Huge march against crime wave
At least a quarter of a million Mexicans marched through the capital and other cities on Sunday to protest authorities' failure to control lawlessness in one of the world's most crime-ridden countries.
In the biggest demonstration in Mexico in more than 10 years, protesters dressed in white filled Mexico City's main Zocalo Square, which holds more than 100,000 people, and packed surrounding avenues.
Even crime-hardened Mexicans have been shocked by a recent wave of kidnappings. In one case last month, two brothers were abducted, shot dead and their bodies dumped in a garbage bin even though their parents paid a $600,000 ransom.
The bells of the city's cathedral rang out to greet marchers who sang Mexico's nation anthem in the square.
In Tijuana, near the U.S. border, 15,000 people marched through to protest crime, and smaller protests took place in other Mexican cities, local media said.
Mexico United Against Crime, one of the march organizers, said anywhere between 350,000 and two million people took part in the protest. Local media put attendance at more than 250,000.
From 1992 to 2002, Mexicans reported at least 15,000 kidnappings, second only to war-torn Colombia, according to the Inter-American Development Bank.
March organizers said most violent crime goes unreported, partly because of police corruption and a sense that nothing will be done.
"We are afraid. We can't go out onto the street and the police do absolutely nothing to protect us," said Yolanda Tellez, 62, who is retired.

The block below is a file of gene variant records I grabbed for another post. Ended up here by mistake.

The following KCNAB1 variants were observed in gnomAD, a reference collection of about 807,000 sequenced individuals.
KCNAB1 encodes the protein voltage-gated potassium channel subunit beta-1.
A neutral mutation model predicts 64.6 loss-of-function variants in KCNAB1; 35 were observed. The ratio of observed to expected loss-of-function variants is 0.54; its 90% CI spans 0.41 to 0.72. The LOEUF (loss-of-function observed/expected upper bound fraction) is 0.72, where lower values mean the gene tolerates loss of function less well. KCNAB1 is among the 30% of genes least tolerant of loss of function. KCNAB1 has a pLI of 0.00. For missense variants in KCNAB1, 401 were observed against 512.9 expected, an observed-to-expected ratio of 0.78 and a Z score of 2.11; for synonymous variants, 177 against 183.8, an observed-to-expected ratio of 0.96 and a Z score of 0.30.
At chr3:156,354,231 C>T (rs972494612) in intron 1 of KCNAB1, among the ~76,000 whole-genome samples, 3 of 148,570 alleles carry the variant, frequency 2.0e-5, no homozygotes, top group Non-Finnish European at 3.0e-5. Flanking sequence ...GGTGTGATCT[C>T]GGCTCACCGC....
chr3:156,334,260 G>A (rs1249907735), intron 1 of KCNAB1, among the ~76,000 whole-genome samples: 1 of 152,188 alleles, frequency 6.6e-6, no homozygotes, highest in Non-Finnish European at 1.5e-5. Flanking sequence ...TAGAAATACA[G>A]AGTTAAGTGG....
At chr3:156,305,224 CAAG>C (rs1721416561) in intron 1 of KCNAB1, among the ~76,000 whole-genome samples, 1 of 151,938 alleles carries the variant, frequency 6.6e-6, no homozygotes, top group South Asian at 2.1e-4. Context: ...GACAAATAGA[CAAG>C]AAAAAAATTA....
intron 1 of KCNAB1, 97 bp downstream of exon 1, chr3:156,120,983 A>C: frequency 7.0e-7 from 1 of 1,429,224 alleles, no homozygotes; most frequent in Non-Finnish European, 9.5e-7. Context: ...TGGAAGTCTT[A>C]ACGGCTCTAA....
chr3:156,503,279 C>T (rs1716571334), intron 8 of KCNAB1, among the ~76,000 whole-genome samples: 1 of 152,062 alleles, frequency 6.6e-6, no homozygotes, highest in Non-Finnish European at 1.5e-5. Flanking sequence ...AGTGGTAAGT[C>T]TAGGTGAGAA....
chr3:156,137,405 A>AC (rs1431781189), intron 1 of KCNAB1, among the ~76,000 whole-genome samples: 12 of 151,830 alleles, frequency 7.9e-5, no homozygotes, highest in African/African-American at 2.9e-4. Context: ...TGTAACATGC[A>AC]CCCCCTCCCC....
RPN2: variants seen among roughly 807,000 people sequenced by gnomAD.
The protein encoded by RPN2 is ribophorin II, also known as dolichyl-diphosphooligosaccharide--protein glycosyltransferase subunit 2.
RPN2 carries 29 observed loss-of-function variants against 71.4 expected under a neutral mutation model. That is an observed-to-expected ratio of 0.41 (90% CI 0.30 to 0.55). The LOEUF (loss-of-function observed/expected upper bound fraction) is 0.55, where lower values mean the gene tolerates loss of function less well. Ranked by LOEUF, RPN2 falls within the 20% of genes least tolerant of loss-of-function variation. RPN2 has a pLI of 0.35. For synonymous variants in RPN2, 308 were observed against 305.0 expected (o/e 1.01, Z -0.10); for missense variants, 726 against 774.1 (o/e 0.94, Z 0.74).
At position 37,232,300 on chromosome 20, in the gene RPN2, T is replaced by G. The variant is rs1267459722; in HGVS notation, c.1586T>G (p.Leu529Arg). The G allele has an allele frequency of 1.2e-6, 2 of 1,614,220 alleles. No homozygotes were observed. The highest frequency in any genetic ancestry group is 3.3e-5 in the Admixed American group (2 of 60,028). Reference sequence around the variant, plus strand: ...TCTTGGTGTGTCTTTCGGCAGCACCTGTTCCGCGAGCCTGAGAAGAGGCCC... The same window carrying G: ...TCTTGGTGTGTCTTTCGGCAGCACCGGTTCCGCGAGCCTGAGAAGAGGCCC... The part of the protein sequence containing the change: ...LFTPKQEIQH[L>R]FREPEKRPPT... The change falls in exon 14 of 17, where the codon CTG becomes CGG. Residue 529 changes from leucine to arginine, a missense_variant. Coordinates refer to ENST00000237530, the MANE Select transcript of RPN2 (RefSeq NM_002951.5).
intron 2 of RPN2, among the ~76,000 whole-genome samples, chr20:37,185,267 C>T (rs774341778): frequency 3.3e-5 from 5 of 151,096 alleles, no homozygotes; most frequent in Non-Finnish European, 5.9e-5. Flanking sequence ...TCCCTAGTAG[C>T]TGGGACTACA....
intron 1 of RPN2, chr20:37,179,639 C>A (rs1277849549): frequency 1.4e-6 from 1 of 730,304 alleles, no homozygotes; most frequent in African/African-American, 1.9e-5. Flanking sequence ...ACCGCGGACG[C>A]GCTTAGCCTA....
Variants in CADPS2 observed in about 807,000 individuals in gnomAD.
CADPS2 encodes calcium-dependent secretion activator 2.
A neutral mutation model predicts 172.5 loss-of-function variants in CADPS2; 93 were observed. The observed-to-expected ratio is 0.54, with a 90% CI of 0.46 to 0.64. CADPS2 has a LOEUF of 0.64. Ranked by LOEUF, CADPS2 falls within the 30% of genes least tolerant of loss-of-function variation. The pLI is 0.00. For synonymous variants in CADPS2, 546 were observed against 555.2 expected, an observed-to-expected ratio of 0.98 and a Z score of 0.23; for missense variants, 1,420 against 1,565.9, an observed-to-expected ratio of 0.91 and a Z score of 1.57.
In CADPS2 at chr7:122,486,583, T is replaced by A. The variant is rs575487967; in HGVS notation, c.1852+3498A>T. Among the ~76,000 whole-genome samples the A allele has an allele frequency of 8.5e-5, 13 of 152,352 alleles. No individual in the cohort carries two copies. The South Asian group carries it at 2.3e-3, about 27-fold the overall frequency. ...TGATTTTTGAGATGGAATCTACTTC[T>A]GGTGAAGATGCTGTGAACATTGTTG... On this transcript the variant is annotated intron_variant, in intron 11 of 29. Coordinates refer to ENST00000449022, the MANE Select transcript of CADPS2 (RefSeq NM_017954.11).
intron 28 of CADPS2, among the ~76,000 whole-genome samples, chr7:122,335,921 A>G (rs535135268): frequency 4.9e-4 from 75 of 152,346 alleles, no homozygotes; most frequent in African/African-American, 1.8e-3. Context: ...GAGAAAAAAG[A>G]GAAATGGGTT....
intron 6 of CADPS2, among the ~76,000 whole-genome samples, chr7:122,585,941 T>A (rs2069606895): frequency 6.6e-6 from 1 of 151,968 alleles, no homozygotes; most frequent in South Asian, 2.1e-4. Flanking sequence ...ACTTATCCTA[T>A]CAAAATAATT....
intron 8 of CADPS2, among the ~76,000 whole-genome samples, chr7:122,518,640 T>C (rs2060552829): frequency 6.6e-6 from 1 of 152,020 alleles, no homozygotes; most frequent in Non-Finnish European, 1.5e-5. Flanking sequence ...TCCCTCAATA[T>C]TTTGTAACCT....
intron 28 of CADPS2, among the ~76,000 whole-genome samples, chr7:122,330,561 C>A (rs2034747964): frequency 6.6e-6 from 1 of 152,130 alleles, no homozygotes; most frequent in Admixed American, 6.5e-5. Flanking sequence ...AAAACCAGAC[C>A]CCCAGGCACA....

A group of businessmen hired New York's crime-busting former mayor Rudolph Giuliani last year for $4.3 million to help clean up Mexico City and police say tough new "zero tolerance" measures in the capital are working.
But kidnapping and assaults are still common and federal police last week arrested a group of elite policemen in Mexico City who abducted businessmen using false arrest warrants.
The march has pitted President Vicente Fox against political rival Andres Manuel Lopez Obrador, the mayor of Mexico City, who protesters accuse of being too soft on violent crime.
Conservative Fox said last week he was waging "the mother of all battles against crime" and urged Mexico City's leftist administration to do more.
But protesters were unimpressed by both Fox and city hall.
"They have politicized the issue so much instead of doing something about crime," said Victor Manuel Rojas, riding a horse and carrying a flag with Mexico's patron saint, the Virgin of Guadalupe.
The event was billed as silent but protesters broke into chants of "Mexico, Mexico."
The murder of a crusading journalist in Tijuana this week was a reminder that drug gangs flourish on the U.S.-Mexican border despite a crackdown by Fox's government.
Police have also failed to make headway in solving the murders of more than 300 women in the last 10 years in the city of Ciudad Juarez, near the border with the United States. Amnesty International has accused police in the city of gross negligence in failing to end the killings.
In Mexico City, marchers carried photographs of murder victims.
"She was my cousin," said protester Eduardo Torres, clutching a framed picture of a young girl in a party dress. "They kidnapped her and killed her two months ago."